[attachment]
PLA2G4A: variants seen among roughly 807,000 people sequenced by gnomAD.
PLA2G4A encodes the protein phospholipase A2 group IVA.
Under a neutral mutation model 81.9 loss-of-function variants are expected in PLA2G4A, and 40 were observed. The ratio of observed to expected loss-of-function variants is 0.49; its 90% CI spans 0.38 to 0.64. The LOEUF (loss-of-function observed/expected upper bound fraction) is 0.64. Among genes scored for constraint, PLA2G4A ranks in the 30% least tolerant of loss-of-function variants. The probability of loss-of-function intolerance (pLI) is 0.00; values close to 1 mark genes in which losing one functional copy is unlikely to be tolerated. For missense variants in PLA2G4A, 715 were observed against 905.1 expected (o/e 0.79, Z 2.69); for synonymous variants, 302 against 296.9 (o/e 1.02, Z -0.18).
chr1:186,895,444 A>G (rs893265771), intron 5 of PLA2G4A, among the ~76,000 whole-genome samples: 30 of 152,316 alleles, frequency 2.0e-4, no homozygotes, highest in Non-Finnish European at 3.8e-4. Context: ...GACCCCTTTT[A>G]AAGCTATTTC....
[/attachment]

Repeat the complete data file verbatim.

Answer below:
PLA2G4A: variants seen among roughly 807,000 people sequenced by gnomAD.
PLA2G4A encodes the protein phospholipase A2 group IVA.
Under a neutral mutation model 81.9 loss-of-function variants are expected in PLA2G4A, and 40 were observed. The ratio of observed to expected loss-of-function variants is 0.49; its 90% CI spans 0.38 to 0.64. The LOEUF (loss-of-function observed/expected upper bound fraction) is 0.64. Among genes scored for constraint, PLA2G4A ranks in the 30% least tolerant of loss-of-function variants. The probability of loss-of-function intolerance (pLI) is 0.00; values close to 1 mark genes in which losing one functional copy is unlikely to be tolerated. For missense variants in PLA2G4A, 715 were observed against 905.1 expected (o/e 0.79, Z 2.69); for synonymous variants, 302 against 296.9 (o/e 1.02, Z -0.18).
chr1:186,895,444 A>G (rs893265771), intron 5 of PLA2G4A, among the ~76,000 whole-genome samples: 30 of 152,316 alleles, frequency 2.0e-4, no homozygotes, highest in Non-Finnish European at 3.8e-4. Context: ...GACCCCTTTT[A>G]AAGCTATTTC....